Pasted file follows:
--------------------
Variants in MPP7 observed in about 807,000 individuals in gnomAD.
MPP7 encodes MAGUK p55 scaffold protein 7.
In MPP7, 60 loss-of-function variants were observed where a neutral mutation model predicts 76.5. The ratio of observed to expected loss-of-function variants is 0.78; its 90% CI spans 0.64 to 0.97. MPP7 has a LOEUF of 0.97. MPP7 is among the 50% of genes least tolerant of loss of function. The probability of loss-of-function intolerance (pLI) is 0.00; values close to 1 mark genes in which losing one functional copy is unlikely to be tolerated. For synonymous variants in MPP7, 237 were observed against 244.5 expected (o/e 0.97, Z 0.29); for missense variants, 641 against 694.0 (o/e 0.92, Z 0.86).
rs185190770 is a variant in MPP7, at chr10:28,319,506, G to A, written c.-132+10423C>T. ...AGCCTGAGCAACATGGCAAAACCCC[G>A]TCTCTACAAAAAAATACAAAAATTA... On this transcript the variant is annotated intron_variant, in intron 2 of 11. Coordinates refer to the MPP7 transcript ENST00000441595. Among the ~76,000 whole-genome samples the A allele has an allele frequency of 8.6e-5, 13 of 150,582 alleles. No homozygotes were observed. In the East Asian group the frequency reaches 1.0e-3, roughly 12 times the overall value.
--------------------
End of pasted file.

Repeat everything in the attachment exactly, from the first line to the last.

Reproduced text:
Variants in MPP7 observed in about 807,000 individuals in gnomAD.
MPP7 encodes MAGUK p55 scaffold protein 7.
In MPP7, 60 loss-of-function variants were observed where a neutral mutation model predicts 76.5. The ratio of observed to expected loss-of-function variants is 0.78; its 90% CI spans 0.64 to 0.97. MPP7 has a LOEUF of 0.97. MPP7 is among the 50% of genes least tolerant of loss of function. The probability of loss-of-function intolerance (pLI) is 0.00; values close to 1 mark genes in which losing one functional copy is unlikely to be tolerated. For synonymous variants in MPP7, 237 were observed against 244.5 expected (o/e 0.97, Z 0.29); for missense variants, 641 against 694.0 (o/e 0.92, Z 0.86).
rs185190770 is a variant in MPP7, at chr10:28,319,506, G to A, written c.-132+10423C>T. ...AGCCTGAGCAACATGGCAAAACCCC[G>A]TCTCTACAAAAAAATACAAAAATTA... On this transcript the variant is annotated intron_variant, in intron 2 of 11. Coordinates refer to the MPP7 transcript ENST00000441595. Among the ~76,000 whole-genome samples the A allele has an allele frequency of 8.6e-5, 13 of 150,582 alleles. No homozygotes were observed. In the East Asian group the frequency reaches 1.0e-3, roughly 12 times the overall value.